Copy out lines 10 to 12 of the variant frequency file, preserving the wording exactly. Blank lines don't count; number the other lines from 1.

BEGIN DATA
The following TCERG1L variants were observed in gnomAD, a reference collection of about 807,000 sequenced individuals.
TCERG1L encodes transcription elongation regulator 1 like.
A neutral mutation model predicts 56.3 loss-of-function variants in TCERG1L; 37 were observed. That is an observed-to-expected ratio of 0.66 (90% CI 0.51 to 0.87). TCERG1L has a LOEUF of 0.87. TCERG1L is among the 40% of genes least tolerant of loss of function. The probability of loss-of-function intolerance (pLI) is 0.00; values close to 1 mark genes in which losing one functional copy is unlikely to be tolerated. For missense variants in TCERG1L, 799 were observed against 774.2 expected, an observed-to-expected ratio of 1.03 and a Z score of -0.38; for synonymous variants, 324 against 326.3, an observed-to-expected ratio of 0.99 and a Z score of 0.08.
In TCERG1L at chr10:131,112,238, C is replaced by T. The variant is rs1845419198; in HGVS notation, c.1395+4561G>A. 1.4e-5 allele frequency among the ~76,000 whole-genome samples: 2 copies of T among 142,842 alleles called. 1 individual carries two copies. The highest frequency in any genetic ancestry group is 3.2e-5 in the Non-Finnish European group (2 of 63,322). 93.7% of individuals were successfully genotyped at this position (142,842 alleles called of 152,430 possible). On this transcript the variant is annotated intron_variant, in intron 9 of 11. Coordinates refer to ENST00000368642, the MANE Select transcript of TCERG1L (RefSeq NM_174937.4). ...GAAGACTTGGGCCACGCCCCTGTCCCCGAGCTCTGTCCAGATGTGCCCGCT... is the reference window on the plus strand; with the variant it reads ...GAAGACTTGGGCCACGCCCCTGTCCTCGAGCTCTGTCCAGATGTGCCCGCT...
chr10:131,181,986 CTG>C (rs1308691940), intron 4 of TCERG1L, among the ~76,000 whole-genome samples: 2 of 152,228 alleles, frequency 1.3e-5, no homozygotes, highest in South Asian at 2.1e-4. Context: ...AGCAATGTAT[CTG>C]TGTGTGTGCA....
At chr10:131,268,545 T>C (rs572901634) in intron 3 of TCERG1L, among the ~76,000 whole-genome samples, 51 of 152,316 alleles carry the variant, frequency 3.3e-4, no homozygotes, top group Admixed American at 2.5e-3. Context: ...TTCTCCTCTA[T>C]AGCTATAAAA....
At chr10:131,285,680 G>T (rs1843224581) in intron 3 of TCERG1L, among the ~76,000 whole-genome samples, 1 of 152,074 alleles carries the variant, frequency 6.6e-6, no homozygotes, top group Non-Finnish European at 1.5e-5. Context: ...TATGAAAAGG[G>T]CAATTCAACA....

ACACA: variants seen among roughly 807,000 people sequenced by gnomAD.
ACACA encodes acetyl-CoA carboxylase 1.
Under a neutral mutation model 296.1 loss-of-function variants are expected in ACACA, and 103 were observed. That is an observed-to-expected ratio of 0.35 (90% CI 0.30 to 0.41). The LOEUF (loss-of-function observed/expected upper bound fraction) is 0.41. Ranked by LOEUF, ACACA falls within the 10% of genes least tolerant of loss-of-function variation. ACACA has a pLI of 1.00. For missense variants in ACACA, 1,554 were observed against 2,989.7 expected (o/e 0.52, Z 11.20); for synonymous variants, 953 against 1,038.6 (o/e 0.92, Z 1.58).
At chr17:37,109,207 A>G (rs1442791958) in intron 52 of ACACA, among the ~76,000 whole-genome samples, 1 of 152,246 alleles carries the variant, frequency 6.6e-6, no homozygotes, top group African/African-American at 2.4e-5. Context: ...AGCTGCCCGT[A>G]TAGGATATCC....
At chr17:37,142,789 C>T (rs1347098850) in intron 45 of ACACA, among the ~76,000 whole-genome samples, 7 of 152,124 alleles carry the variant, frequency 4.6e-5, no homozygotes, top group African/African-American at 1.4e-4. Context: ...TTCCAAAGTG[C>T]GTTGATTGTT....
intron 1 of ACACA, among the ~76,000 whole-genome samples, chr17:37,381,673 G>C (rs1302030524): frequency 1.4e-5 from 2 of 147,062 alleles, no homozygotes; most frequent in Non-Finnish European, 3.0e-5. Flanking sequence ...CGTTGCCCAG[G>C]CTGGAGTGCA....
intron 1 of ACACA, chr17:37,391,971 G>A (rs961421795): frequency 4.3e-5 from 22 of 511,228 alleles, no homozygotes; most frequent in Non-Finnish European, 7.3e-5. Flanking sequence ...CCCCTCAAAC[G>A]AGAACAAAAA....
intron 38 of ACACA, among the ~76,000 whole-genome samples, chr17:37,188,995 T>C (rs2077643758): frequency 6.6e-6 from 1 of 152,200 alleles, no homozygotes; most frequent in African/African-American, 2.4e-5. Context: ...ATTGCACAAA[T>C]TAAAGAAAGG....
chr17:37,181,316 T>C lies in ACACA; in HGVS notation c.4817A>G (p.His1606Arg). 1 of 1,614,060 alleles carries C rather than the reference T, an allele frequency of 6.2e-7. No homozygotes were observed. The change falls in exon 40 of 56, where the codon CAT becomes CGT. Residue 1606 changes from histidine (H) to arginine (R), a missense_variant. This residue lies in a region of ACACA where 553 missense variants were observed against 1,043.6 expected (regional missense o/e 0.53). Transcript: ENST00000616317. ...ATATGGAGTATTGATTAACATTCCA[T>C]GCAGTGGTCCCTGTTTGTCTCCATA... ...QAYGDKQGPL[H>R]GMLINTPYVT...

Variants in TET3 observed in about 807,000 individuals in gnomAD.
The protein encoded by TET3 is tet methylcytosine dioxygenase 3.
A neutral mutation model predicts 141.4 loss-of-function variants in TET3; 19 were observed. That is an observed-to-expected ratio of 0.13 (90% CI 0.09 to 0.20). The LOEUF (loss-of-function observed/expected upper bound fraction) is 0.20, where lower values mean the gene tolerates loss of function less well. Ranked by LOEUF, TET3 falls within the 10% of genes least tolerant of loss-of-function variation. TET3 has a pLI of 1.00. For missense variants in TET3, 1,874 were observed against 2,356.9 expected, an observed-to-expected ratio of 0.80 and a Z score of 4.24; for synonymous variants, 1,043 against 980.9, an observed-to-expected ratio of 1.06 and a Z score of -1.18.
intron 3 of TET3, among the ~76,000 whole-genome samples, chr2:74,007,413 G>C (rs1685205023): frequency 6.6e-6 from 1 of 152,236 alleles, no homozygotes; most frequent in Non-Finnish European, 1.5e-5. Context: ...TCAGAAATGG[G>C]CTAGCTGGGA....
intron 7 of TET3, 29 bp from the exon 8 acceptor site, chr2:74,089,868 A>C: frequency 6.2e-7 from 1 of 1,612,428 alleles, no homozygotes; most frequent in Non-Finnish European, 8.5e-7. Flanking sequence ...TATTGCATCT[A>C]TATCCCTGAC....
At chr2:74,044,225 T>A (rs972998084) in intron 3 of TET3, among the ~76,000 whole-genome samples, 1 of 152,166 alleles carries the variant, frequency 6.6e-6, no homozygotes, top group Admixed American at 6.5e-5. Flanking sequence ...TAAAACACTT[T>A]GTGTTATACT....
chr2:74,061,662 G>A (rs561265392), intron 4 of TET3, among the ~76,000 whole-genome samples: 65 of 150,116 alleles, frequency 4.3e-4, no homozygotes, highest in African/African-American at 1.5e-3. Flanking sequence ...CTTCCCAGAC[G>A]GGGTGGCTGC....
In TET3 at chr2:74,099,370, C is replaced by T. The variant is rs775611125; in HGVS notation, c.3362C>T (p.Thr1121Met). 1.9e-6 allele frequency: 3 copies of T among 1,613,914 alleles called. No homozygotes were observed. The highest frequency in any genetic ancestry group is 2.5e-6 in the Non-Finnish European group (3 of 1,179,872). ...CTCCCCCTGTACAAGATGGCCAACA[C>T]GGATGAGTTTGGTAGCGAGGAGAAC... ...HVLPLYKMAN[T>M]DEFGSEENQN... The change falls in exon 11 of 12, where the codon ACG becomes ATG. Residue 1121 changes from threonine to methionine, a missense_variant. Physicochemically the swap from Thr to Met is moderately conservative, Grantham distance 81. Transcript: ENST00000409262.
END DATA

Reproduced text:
Under a neutral mutation model 296.1 loss-of-function variants are expected in ACACA, and 103 were observed. That is an observed-to-expected ratio of 0.35 (90% CI 0.30 to 0.41). The LOEUF (loss-of-function observed/expected upper bound fraction) is 0.41. Ranked by LOEUF, ACACA falls within the 10% of genes least tolerant of loss-of-function variation. ACACA has a pLI of 1.00. For missense variants in ACACA, 1,554 were observed against 2,989.7 expected (o/e 0.52, Z 11.20); for synonymous variants, 953 against 1,038.6 (o/e 0.92, Z 1.58).
At chr17:37,109,207 A>G (rs1442791958) in intron 52 of ACACA, among the ~76,000 whole-genome samples, 1 of 152,246 alleles carries the variant, frequency 6.6e-6, no homozygotes, top group African/African-American at 2.4e-5. Context: ...AGCTGCCCGT[A>G]TAGGATATCC....
At chr17:37,142,789 C>T (rs1347098850) in intron 45 of ACACA, among the ~76,000 whole-genome samples, 7 of 152,124 alleles carry the variant, frequency 4.6e-5, no homozygotes, top group African/African-American at 1.4e-4. Context: ...TTCCAAAGTG[C>T]GTTGATTGTT....